There are two main relevant terms from data science and AI methods that apply in your case:
Natural Language Processing (NLP). This is a general description of tasks that involve processing inputs that use human language, such as written text. In order to rate the text of your news articles, you will need to use some NLP techniques so that the language in them is converted to forms that an AI can process.
Supervised machine learning. This is a technique that can be used to learn an approximation of an unknown function by processing examples of known inputs and outputs. In your case, you have a function that can take a (maybe pre-processed using NLP tools) news article and output the rating that your group would give it.
There are a wide range of approaches possible using these two things. You will want to search these terms and read around the subjects. Expect to spend weeks to months learning the basics before attempting your project in full.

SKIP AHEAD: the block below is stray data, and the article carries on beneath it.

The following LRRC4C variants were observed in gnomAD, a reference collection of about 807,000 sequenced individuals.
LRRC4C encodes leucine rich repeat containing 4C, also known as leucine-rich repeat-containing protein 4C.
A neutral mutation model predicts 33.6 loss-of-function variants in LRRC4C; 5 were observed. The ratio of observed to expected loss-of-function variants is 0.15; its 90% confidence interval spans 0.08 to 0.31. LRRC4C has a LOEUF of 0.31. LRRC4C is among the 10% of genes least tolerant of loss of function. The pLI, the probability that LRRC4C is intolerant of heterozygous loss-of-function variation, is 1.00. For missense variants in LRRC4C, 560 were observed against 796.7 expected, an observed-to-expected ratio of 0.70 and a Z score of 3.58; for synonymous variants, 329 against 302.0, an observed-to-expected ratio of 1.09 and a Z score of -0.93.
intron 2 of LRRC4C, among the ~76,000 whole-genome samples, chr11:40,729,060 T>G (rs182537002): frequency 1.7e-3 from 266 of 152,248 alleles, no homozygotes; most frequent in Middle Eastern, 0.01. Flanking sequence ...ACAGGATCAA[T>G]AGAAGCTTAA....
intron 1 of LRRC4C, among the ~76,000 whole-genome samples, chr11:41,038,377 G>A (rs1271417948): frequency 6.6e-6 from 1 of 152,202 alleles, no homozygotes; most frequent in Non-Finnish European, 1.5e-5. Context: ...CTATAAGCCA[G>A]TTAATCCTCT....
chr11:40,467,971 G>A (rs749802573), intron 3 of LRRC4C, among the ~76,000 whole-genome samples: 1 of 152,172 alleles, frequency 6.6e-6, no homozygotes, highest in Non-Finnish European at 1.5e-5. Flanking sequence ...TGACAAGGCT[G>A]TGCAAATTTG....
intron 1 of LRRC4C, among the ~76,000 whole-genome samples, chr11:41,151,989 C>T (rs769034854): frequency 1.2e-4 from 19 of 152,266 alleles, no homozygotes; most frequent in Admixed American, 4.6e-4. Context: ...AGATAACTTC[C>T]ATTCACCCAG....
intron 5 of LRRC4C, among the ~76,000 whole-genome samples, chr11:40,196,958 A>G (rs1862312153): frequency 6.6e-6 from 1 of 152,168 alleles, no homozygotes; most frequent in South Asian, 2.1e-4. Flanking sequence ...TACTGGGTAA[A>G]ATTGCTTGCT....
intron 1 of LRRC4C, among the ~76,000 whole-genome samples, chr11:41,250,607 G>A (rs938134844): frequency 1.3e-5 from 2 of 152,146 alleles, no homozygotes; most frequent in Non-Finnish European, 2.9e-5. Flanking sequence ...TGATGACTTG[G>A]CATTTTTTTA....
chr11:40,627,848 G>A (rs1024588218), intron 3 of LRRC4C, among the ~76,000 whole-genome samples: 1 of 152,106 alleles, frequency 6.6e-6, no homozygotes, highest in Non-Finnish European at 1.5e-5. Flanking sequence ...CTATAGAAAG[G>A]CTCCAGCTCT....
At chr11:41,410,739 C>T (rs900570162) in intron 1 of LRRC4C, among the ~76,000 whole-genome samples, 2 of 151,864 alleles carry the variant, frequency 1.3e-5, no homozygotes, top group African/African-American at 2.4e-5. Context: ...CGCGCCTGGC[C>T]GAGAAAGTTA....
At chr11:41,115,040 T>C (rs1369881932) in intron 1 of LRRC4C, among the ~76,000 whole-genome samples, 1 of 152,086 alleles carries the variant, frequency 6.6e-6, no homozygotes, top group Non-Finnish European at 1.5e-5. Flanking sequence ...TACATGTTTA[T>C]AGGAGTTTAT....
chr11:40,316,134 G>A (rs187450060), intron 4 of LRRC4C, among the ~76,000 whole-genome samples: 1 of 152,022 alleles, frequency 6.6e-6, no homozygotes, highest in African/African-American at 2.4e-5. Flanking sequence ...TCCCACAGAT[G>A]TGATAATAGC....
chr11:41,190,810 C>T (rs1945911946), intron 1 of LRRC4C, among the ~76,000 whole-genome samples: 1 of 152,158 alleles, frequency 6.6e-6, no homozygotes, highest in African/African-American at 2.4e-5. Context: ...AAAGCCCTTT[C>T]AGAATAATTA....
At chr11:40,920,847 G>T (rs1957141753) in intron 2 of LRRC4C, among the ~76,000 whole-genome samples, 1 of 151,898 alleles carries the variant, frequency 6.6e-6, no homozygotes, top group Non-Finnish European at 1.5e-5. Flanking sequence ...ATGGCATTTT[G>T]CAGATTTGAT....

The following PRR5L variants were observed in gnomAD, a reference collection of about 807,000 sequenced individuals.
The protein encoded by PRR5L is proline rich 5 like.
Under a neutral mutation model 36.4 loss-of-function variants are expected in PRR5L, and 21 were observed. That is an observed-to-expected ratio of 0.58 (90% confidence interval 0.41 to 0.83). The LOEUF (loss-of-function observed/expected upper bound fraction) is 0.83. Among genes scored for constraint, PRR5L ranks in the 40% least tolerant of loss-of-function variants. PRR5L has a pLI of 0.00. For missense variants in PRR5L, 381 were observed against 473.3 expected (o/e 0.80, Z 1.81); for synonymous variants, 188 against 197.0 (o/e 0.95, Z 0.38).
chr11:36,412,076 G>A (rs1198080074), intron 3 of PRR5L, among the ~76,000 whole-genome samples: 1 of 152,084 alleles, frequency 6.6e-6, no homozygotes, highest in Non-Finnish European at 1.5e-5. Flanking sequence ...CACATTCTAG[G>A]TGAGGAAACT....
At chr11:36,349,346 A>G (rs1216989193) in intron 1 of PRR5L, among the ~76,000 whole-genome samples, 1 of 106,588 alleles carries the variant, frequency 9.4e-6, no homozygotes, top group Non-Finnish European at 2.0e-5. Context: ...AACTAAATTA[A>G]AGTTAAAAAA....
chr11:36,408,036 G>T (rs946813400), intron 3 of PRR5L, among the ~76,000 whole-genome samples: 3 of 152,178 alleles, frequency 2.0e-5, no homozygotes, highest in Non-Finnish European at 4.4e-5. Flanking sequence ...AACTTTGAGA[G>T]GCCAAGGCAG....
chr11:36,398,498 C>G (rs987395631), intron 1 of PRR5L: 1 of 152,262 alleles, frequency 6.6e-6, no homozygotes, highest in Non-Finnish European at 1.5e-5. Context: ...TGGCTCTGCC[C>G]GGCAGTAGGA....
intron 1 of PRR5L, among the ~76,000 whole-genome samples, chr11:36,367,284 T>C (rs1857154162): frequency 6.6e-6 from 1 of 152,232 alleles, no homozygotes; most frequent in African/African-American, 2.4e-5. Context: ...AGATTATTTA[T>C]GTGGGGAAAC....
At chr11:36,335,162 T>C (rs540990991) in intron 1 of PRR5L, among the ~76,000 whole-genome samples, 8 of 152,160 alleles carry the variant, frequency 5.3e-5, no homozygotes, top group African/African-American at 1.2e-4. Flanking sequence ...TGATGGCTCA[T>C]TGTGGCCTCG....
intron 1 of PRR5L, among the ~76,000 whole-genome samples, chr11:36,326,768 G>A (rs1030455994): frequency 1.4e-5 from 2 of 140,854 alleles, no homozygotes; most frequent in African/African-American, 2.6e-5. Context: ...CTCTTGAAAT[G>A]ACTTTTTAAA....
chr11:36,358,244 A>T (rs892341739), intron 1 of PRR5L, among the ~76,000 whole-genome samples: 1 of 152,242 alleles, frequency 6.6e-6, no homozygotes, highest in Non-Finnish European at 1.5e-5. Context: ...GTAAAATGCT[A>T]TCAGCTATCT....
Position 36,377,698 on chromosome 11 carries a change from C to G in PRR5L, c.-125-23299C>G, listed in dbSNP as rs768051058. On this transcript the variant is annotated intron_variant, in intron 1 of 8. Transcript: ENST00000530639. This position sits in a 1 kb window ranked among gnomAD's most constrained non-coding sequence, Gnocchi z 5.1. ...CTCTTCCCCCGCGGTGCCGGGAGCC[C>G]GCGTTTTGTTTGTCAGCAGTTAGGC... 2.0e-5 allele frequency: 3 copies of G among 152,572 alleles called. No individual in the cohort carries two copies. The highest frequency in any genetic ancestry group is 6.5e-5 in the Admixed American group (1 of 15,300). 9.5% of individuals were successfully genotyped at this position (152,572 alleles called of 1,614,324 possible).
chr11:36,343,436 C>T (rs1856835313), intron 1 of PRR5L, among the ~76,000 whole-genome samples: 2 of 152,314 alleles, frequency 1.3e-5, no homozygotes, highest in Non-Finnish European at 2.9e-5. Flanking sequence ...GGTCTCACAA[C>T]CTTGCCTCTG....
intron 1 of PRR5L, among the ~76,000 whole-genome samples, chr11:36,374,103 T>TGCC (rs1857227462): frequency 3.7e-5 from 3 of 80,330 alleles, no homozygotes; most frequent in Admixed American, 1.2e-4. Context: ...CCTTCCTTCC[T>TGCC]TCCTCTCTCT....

As a starting point to get a taste for what is involved, I recommend you look into sentiment analysis. Sentiment analysis is used to label text as having certain emotions, or simply as being "positive" ot "negative", and is usually applied to shorter pieces of text than a news article. This makes it a simpler problem that the one you are attempt, and maybe a useful introduction. Here is a step-by-step tutorial for sentiment analysis of Twitter feeds.
Another similar example might be to classify emails as spam vs not spam. Emails are often longer than tweets, so slightly different approaches may be used to help summarise the content before attempting to classify. Here is a step-by-step tutorial for spam classifiers.
Unfortunately, a few hundred examples of human-rated articles is probably not very much data, in case you are expecting anything sophisticated, such as exploring the quality of journalism. It may be enough to rate interest in different subjects. But the only way to find out for sure is to start your project. Do take the time to research a few simple examples and tutorials first, before you dive straight into your own work. This will help you structure and plan your work plus avoid common pitfalls.